A contribution from Peter Lavelle, an economist at foreign exchange broker Pure FX, on the currency situation for an independent Catalonia.
Catalonia continues to press for its independence. This past September 11th (the 299th anniversary of the fall of Barcelona, which led to Catalonia’s accession as part of Spain), 1.6 million Catalans linked hands around the region, to draw attention to their cause. Moreover, next year, Catalan president Artur Mas plans a referendum, to see just how much of the Catalan populous favours ceding from Spain.
However, aside from Catalonia’s ongoing struggle, the possibility of its independence raises certain questions. Like, for example, what currency would an independent Catalonia use? Well, that’s what I want to look at here.
Artur Mas: “No risk” Catalonia would leave the euro
The first possibility is that an independent Catalonia remains part of the euro. From the point of view of the man on the street, this is probably the preferred outcome, because it involves the least uncertainty. It wouldn’t be nice to have your savings in the CaixaBank, for instance, not knowing in what currency they’d be dominated the next day!
Moreover, this is also the preferred outcome for the Catalan government, first because it would bolster Catalonia’s status as an independent state to remain a paid-up member of the EU and Eurozone, and second, because it would make Catalonia a more attractive investment destination.
To this end, Catalan president Artur Mas has himself insisted that an independent Catalonia would remain part of the Eurozone, telling a cadre of international businessmen this past September 19th that Catalonia “will have the euro as its currency whatever happens”. He insisted there was “no risk” of Catalonia leaving (or being thrown out of) the euro.
“The Europeans are not interested in having Spain split up.”
However, just because Mr. Mas says Catalonia will retain the euro, doesn’t make it so. In fact, outside of his Convergència I Unó party, opinion is that an independent Catalonia would not only not be allowed to use the euro, but would also be ejected from the EU. As the European Commission stated earlier this year, “If a region separates from a Member State, the treaties are no longer in place from the day of its independence”.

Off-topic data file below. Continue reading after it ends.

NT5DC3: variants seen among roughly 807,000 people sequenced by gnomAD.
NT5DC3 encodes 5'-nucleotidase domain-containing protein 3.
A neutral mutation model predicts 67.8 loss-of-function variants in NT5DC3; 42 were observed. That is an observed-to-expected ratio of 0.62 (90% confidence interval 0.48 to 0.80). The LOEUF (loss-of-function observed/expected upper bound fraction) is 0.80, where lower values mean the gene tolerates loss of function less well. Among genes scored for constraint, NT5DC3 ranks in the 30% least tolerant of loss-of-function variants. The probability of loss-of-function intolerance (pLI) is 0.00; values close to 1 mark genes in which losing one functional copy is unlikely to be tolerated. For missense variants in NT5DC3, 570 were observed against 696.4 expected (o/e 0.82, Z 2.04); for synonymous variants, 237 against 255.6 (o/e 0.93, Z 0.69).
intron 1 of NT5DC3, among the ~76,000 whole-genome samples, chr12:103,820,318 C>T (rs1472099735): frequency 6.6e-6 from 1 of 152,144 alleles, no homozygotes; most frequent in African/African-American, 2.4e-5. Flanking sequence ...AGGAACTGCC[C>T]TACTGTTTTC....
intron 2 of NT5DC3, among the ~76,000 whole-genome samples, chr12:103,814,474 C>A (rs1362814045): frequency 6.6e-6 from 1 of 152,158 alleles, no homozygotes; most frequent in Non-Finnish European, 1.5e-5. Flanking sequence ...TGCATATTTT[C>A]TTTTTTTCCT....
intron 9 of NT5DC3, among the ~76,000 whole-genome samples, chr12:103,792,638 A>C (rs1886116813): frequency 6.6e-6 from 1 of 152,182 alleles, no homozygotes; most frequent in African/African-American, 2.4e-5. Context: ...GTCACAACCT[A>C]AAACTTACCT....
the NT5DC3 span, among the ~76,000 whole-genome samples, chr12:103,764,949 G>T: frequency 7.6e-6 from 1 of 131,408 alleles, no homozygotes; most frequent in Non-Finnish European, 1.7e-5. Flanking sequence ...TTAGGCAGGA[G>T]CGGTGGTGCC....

In other words, an independent Catalonia would be forced to start from square one. It would be like Turkey, subject to lengthy negotiations before it could accede to the European Union, then subject to the requisite conditions before it could join the Eurozone, such as a national debt below 60.0% of Gross National Product.
It may sound here like the European Commission is hostile to the prospect of an independent Catalonia. And in fact, this could be the case. What with the Eurozone fresh out of recession, and unemployment at a record 12.2%, the last thing Europe’s bureaucrats would want to deal with is a new nation. As Jacob Funk Kirkegaard at the Peterson Institute for International Economics said recently, “The Europeans are not interested in having Spain split up.”
Strong currency? Weak currency?
So, if Catalonia went it entirely alone, independent but without the euro, what would happen?
Well, given that Catalonia would be a tiny nation surrounded by what is after all the world’s largest economic bloc, we could expect its currency to immediately plummet in value. This means products imported into Catalonia (this is to say, anything that Catalonia doesn’t manufacture for itself) would immediately become more expensive. In other words, the cost of living would rise.
Moreover, Catalonia would also face the prospect of bank runs, whereby people rush to take their savings out of Catalan banks, so that they’re not denominated in the new, weaker currency. To prevent this, the Catalan government would have to impose capital controls, whereby it becomes impossible to take money out of the country. This in turn would likely scare international investors, thereby weakening Catalonia’s economy.
In brief, just from a currency point of view, the road to independence would not be easy for Catalonia. We must watch and wait to see what happens!
About the author
Peter Lavelle is an economist at foreign exchange broker Pure FX. To find out when the best exchange rate becomes available, sign-up to Pure FX’s free newsletter. We’ll tell you when the exchange rate hits a record high.